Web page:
You know I looked at the book a little while back only because I am a big believer in the method of memorizing away from the piano by looking at the score first.
I have found it actually helped with my sight reading since it forces you to understand the music, analyze the music, recognize patterns easily etc. All this seems to happen naturally when you study the score away from the piano.
I do remember looking at the book thinking he described the method incompletely. I have always found the most important part of memorizing is being efficient about it, knowing how you memorize, how long it takes to memorize a certain passage and doing it consistently.
Ultimately there is nothing wrong with reading a score. I personally find for recordings, given the small amount of time to memorize vs practice, its hard to justify not doing it. Of course as someone's repertoire grows very large (and as we get older,) its simply not practical to maintain a large amount of music by memory.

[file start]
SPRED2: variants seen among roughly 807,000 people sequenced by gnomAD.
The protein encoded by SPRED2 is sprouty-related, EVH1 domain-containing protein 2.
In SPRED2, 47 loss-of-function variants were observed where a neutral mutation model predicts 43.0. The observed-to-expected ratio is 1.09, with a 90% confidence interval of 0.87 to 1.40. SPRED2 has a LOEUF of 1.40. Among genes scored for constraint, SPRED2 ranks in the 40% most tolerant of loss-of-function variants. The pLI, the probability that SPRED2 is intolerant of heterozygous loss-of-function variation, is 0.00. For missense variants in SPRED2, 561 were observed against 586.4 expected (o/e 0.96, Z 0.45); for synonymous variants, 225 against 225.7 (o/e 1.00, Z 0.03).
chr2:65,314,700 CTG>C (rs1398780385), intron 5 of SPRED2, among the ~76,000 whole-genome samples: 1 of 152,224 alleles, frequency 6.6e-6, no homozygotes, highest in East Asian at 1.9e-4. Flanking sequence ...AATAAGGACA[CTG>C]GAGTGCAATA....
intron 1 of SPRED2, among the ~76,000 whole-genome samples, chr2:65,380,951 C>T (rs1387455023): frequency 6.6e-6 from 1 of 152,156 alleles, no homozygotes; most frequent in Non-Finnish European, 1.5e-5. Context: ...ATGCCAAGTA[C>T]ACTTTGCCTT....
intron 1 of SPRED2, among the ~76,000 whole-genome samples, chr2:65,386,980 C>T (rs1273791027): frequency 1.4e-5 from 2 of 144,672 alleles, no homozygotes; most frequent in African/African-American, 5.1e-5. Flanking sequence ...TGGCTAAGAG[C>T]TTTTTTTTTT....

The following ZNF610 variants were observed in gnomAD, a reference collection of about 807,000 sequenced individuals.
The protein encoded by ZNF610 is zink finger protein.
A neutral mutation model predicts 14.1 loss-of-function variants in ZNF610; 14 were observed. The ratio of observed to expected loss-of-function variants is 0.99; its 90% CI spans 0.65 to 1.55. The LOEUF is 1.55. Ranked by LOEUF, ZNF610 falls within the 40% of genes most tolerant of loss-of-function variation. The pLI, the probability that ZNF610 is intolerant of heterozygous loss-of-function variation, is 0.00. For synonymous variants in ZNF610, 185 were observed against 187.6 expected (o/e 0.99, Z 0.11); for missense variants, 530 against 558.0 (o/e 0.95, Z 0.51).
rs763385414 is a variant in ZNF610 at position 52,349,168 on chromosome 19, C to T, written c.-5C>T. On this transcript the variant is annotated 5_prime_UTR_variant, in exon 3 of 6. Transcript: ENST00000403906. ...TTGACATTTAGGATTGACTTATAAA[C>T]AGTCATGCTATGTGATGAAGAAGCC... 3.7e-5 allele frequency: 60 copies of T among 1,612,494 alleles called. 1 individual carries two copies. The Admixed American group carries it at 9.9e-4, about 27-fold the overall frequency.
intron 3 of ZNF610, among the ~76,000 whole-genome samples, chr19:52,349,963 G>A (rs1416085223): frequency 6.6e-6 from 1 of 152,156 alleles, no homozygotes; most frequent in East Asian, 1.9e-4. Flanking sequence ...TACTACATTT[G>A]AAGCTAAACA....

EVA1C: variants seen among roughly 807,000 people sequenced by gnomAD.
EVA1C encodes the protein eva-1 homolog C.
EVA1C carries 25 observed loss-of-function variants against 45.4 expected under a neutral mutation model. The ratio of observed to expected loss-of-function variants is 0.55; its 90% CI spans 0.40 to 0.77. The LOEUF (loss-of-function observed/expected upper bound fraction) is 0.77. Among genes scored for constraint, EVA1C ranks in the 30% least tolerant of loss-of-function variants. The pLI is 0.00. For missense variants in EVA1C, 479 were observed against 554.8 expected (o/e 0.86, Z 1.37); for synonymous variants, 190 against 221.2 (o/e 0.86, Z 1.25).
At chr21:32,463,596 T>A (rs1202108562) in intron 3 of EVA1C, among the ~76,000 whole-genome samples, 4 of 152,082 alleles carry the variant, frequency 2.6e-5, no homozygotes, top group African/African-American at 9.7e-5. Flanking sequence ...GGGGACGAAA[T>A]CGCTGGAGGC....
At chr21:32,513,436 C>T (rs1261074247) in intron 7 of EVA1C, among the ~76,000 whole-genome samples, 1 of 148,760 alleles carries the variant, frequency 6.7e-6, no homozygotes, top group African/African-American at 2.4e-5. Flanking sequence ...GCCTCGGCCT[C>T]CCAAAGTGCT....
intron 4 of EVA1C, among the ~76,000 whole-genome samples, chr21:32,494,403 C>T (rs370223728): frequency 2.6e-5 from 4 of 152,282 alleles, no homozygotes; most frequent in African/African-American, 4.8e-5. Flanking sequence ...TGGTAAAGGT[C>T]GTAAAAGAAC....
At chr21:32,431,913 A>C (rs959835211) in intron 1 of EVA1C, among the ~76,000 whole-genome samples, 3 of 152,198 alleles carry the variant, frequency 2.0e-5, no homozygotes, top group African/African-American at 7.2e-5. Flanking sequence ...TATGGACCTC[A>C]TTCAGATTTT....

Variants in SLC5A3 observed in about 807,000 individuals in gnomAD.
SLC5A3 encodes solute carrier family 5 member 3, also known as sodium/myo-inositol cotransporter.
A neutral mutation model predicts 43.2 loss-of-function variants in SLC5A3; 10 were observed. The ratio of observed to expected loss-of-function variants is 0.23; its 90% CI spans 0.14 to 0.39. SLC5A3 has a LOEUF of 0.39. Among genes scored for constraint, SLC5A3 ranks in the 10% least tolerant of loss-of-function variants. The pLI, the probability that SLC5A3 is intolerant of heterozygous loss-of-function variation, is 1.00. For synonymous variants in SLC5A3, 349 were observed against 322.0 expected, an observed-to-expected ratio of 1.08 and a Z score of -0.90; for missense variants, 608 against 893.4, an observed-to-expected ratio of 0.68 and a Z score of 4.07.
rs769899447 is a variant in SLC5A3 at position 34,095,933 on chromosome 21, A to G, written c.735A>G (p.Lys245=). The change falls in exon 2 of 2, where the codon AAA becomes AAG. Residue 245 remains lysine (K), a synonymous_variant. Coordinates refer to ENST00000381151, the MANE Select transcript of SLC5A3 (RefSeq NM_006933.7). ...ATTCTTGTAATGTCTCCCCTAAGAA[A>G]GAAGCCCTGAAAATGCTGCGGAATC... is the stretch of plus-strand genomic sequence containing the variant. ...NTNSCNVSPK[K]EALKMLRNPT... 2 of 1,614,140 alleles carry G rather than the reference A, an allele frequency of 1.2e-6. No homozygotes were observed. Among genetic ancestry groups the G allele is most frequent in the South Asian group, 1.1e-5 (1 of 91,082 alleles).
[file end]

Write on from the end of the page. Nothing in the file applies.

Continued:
Have you guys seen this? I always thought it was cool...
For memorizing numbers, nothing beats the method described here Doesn't work for music though
pianolady wrote:Felipe - I'm not telling.
I could play with the score, but it's hard because the piece (it's Granados) is all over the keyboard and it's hard to look up and down so much. Plus it makes it so that there is a brief stall in the playing because of that. If I could memorize it, I'm sure I could play it better. Still, it's so long....
I have almost this one Chopin mazurka memorized - all except about 8 measures that I can't remember. Grrrr - it's very annoying! Maybe that book you mentioned, Alexandre would help with that too. Have you read it?